Hey video games: why can I talk my way out of a fight so easily?

Switch on the wonderful The Witcher 3: Wild Hunt and I’m no longer a humble games writer in desperate need of a haircut. I’m Geralt of Rivia, a hardcore monster-hunting heartthrob in desperate need of a haircut. I have muscles in places you don’t even know you have. I’ve slaughtered nine bandits in the time it took you to finish this sentence. I shot a griffin out of the sky as part of the tutorial. Now I’m about to kill a demon who’s been exploiting the local villagers, like the incredible warrior I am. CHAAAAAAARGE!

Or, you can choose a threatening piece of dialogue and see if he backs down. Well, okay, but I didn’t really do any- QUEST COMPLETE! 25 EXPERIENCE GAINED! NO FIGHT NECESSARY. Uh, yay? Wild Hunt’s combat makes me feel like a monster-murdering badass, something I’m arguably not. But its conversations just make me feel like I’m playing a dull turn-based text adventure, one I’ve endured in many games before.

One where it’s usually pretty obvious what line is going to defuse the situation (‘I am so, so sorry; let’s hug it out’) and which will make things worse (‘I haven’t been this happy since your mother’s funeral. I’m glad I killed her’). Villains usually wait patiently for you to speak up, too: even Charles Dance’s Emperor gave me all the time in the world to respond to his questions. You really think Lord Tywin is willing to be that patient with peasants?

Combat’s always getting improved and altered in games, but we need more innovation in how we communicate. Telltale’s use of a countdown bar that rushes you into responding is effective, something The Witcher 3 occasionally tries. But what if that countdown bar was there and we just couldn’t see it? What if we had to guess how much time we had to respond, based on the triviality of the question and the power of who was asking it?

Say a villager asked Geralt what his favourite dance move is. I could get away with a good 20 minutes of mulling that over, or just push the villager down and get on with looting. But if the Emperor demanded I tell him my favourite colour, I'd probably have milliseconds to spit it out before he had me executed. Because you'd never know how long the time limit is, or if there even is a time limit, each encounter would demand your full attention – that’s what speaking with the enemy should feel like. Combat’s rewarding because I feel like I have to use my brains and my brawn (mainly brawn) to take down the most powerful creatures. That’s how I want to feel when I negotiate, too.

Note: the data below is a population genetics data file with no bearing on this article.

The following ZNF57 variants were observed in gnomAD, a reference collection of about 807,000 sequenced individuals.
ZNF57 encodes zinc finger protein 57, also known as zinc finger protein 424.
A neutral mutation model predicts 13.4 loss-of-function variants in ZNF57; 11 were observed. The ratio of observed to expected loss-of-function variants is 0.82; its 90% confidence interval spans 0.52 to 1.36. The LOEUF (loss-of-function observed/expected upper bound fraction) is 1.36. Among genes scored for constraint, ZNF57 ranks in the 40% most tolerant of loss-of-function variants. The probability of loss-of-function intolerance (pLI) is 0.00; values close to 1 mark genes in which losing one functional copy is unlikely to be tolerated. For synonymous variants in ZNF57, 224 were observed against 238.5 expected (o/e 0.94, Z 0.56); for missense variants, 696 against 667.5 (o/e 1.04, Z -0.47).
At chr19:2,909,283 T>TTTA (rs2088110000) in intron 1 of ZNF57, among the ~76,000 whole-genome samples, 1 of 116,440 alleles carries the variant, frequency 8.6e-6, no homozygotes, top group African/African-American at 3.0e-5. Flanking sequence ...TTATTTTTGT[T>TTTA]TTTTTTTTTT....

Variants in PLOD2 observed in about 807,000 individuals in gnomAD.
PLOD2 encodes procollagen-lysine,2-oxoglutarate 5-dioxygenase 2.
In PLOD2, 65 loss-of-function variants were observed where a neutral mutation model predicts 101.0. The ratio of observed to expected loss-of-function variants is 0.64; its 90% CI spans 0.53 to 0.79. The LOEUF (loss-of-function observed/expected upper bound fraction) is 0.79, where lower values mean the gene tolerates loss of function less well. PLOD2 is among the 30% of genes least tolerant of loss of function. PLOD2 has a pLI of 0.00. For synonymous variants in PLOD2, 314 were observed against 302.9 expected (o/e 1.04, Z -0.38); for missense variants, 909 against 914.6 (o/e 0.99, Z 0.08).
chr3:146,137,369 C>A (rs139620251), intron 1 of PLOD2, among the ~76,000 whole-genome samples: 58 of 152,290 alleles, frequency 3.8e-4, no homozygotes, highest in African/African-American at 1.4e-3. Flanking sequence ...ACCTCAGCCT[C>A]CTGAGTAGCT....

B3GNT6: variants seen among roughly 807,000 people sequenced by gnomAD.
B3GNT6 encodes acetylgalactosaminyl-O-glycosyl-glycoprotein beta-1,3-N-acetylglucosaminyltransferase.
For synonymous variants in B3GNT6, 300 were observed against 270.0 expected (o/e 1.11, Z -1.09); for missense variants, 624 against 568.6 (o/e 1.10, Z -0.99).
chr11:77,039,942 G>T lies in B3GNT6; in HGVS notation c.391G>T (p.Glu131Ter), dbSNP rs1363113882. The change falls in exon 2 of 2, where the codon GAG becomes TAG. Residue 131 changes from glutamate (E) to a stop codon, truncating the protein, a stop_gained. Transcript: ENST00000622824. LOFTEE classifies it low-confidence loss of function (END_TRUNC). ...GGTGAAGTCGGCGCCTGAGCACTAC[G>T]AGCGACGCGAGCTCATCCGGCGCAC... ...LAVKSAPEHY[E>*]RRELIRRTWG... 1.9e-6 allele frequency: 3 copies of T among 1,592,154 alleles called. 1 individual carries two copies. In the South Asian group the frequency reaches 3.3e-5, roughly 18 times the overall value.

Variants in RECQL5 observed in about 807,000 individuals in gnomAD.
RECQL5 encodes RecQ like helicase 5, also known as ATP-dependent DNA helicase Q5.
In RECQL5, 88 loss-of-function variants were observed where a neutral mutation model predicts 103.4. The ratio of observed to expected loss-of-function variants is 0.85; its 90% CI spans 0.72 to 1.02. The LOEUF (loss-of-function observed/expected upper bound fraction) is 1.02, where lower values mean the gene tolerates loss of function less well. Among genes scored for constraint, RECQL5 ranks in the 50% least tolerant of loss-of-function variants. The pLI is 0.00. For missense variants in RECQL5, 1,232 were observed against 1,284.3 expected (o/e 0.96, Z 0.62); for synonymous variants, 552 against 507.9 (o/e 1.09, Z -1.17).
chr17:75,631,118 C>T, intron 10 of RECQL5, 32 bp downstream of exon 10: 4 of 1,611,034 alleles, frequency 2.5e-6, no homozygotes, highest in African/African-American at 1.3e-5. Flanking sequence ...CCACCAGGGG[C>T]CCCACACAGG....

Actually, why stop at our dialogue? Games could make us slowly move the analogue stick up and down to nod along to NPCs’ lines and give the impression we’re listening. Press B to gasp, A to frown, X to perform the classic Geralt eye-roll and hold down both triggers to clench his lips, holding in a conversation-killing yawn. On that note, we could even get Kinect involved to read your facial expressions, with Geralt receiving a slap across the face whenever you show the slightest trace of even mild boredom.

I’m humble enough to admit that perhaps not all of my ideas are 100% perfect. But the current standard of game dialogue, selecting lines of text to trigger the next part of the cut-scene, has been tolerated for decades. It’s only going to feel more dated as our games get more advanced. Improving the way we talk in video games is a conversation that we need to have, even if that using-the-triggers-for-yawn-avoidance idea probably means I’ve lost my invitation. Me and my big mouth.

Click here for more excellent Official Xbox Magazine articles. Or maybe you want to take advantage of some great offers on magazine subscriptions? You can find them here.

Tom Stone

Tom was once a staff writer and then Games Editor for Official Xbox Magazine, but now works as the Creative Communications Manager at Mojang. He is also the writer and co-creator of How We Make Minecraft on YouTube. He doesn't think he's been truly happy since he 100% completed Rayman Legends, but the therapy is helping.